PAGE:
I can’t seem to include the picture but you can see it here – pic.twitter.com/qReWZ9XwUj

In the classic board game set-up, you progress along a path from start to finish, step-by-step, helped by bursts of good fortune and thwarted by setbacks just lurking in wait. Up the Ladder – hurrah! – but suddenly down a Snake. You might be ahead of your competitors with the end in sight, but suddenly you’re back far behind them. In games like Monopoly you even choose a ‘character’ to be – the top hat, the boot, the racing car. You come into money, then have to blow it all to Get Out of Jail. Something familiar here, isn’t there?…it’s just like a story.

This brilliant idea for making a children’s book come even more alive made me think that so many adventure stories, from Famous Five to His Dark Materials, are structured like a board game. A journey to be undertaken, a goal to be reached or someone to be rescued, snags and setbacks encountered on the way, enemies met, but also helpers. No matter how clever and brave the protagonists try to be, a sudden twist of fate can turn everything on its head. Two steps forward, one step back. Or more like ten steps back and down a dark chasm with no apparent route out. Now I’m wondering about my favourite stories and how they might be transformed into games.  This would be such a wonderful rainy-day activity for children, with drawing and cutting and sticking, and remembering what came when and deciding what the key settings are. I feel like getting the colouring pens out right now!

Thanks to Jacqson Diego and their Story Biters for a great idea. I haven’t visited (yet) but it sounds like the perfect inspiring children’s bookshop, with so much going on to bring stories and children together and instil a lifelong love of books.

When autumn leaves start to fall…

I’ve never been able to resist picking up things when I’m out on a walk – interesting pebbles, twigs with lichen on them, pine cones, berries, leaves. If you have to ask ‘Whatever makes a pebble interesting?’ this probably isn’t the post for you. Because us pebble-gatherers could give you a whole list of qualities: shape, colour, texture, got lines round it, got bits in it. Got a hole in it! Perhaps the world is divided into those who pick stuff up, and those who really don’t see the point.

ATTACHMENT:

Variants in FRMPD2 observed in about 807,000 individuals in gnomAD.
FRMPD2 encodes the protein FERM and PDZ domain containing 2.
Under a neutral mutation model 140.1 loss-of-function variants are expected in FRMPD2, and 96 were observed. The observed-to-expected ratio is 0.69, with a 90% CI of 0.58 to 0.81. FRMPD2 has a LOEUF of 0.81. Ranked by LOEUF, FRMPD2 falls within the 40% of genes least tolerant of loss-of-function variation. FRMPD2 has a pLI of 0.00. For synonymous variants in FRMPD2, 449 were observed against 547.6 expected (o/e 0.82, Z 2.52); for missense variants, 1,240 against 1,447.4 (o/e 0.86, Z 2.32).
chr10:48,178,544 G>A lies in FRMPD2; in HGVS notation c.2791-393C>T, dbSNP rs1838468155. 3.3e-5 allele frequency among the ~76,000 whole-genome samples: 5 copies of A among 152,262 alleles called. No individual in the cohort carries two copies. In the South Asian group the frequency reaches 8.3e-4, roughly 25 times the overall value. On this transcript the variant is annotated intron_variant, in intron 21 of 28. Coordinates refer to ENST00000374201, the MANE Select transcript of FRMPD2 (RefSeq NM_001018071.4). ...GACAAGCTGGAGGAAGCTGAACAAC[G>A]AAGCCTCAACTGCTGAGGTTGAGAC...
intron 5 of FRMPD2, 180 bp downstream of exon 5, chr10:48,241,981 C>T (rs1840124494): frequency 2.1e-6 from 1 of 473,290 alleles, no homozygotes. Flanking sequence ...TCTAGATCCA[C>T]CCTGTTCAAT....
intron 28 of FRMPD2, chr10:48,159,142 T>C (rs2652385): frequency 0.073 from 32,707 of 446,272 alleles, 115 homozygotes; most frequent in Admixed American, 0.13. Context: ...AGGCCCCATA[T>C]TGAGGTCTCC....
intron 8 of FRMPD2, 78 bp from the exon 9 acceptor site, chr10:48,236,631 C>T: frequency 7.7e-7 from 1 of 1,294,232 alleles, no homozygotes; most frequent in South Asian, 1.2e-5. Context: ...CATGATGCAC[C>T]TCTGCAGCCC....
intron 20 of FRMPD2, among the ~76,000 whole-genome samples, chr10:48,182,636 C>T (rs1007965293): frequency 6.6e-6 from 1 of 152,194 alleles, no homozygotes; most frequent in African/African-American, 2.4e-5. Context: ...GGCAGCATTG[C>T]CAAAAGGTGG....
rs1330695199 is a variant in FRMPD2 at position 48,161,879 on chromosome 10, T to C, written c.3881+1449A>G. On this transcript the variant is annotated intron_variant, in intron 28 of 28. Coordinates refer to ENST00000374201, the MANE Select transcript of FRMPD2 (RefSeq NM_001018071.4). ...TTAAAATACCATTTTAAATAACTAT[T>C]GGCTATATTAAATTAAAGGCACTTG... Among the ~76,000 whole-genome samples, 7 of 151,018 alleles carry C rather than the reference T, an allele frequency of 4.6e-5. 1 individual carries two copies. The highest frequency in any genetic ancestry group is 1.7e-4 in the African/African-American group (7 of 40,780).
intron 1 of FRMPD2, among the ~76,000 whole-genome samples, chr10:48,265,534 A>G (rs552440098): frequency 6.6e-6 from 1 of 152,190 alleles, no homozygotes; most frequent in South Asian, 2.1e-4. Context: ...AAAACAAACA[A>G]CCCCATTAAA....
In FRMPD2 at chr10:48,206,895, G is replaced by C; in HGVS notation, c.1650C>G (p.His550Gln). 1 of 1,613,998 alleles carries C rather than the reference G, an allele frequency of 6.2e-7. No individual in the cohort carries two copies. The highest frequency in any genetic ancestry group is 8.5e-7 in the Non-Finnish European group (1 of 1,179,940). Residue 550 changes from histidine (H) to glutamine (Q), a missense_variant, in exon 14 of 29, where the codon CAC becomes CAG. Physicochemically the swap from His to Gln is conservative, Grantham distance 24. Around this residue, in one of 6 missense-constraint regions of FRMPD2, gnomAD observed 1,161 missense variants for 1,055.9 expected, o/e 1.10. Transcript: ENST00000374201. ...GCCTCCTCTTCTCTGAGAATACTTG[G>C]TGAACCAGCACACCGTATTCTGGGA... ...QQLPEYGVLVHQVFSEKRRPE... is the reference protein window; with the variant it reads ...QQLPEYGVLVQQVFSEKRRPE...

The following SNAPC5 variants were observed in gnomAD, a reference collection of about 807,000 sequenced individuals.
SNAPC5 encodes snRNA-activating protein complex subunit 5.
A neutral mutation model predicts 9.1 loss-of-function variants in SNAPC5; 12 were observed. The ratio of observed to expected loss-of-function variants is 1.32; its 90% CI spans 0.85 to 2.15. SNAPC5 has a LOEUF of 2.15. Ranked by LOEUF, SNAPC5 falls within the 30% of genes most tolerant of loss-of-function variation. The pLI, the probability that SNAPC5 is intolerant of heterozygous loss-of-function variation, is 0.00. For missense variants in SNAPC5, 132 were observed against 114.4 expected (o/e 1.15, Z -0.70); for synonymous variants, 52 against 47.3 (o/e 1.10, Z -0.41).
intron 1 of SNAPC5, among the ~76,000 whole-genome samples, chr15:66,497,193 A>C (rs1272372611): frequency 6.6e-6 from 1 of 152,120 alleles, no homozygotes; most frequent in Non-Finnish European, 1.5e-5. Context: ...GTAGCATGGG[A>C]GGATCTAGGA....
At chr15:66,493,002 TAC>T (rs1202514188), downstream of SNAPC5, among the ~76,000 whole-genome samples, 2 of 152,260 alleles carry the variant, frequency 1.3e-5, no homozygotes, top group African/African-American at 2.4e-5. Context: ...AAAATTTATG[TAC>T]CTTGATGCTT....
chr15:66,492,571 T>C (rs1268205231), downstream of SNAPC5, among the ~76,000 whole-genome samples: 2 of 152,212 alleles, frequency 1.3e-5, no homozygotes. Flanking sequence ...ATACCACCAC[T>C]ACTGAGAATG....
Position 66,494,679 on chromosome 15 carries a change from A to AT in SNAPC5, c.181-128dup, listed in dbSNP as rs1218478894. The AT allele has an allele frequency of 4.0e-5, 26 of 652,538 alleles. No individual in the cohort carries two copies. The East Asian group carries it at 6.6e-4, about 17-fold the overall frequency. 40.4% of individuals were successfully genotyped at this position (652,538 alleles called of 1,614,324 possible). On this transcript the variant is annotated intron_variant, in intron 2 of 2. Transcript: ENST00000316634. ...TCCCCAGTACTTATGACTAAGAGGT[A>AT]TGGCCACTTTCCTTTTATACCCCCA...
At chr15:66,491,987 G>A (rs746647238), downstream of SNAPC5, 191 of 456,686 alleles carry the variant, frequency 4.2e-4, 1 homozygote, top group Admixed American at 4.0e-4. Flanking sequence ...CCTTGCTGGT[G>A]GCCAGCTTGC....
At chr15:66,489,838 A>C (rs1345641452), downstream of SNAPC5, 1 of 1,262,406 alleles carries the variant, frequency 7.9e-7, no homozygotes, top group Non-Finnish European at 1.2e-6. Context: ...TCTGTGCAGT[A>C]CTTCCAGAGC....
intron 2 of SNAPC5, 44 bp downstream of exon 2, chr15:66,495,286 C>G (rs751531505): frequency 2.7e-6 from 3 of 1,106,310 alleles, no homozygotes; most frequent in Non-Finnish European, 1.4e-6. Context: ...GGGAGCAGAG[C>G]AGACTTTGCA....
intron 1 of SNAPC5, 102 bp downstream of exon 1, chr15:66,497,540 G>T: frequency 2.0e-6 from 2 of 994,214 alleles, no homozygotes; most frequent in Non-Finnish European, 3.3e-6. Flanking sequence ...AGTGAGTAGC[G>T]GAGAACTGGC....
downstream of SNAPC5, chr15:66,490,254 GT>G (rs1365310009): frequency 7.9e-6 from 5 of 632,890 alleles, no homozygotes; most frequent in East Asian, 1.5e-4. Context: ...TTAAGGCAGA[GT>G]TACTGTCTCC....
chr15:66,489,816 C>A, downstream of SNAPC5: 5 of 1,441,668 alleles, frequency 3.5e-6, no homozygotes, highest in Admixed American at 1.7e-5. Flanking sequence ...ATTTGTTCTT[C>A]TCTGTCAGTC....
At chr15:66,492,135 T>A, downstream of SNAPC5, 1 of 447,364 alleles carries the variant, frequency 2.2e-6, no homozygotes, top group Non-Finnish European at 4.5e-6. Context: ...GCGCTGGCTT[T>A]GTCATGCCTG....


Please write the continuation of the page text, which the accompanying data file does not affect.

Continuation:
My pockets are always full of bits and bobs I’ve gathered. I never visit a beach without finding something I can’t seem to leave without – shell, sea-glass, pebble, hag-stone, driftwood, fossil. Here are some of my treasures:

Pebbles, oyster shells  and driftwood

Pebbles, oyster shells and driftwood

Windy autumn days provide a fantastic harvest, and there is always another leaf shape, another shade of yellow or gold or zingy pink that I haven’t quite got in my collection. Never mind that the collection withers and shrivels at home, that I wonder why I’ve got seven perfect shiny conkers lined up on the windowsill – and no kids in the house. Conkers are truly irresistible, and there is huge row of horse chestnut trees near my house where I used to take my children conker-gathering every autumn when they were small. I hope families still do that, but I haven’t seen any this year.

nature table, autumn leaves and fruit collected on walks

Another recent haul for the nature table

One of my sons used to pick up pebbles and sticks from an early age, leaning from his buggy as we walked through the park and gesturing for one more, not that one, that one! The seat filled up with treasure and the sticks often got stuck in the buggy wheels. We always had a collection of wizened and twisted wands outside our front door that Gandalf would have been envious of. He’s grown out of this habit now, but I haven’t.

This post is nothing to do with reading or writing children’s books. But collecting stuff is a passion I shared with my children, and I’m sure we will pass on.

windy day, autumn leaves and berries, nature table

My latest collection, gathered on a very windy day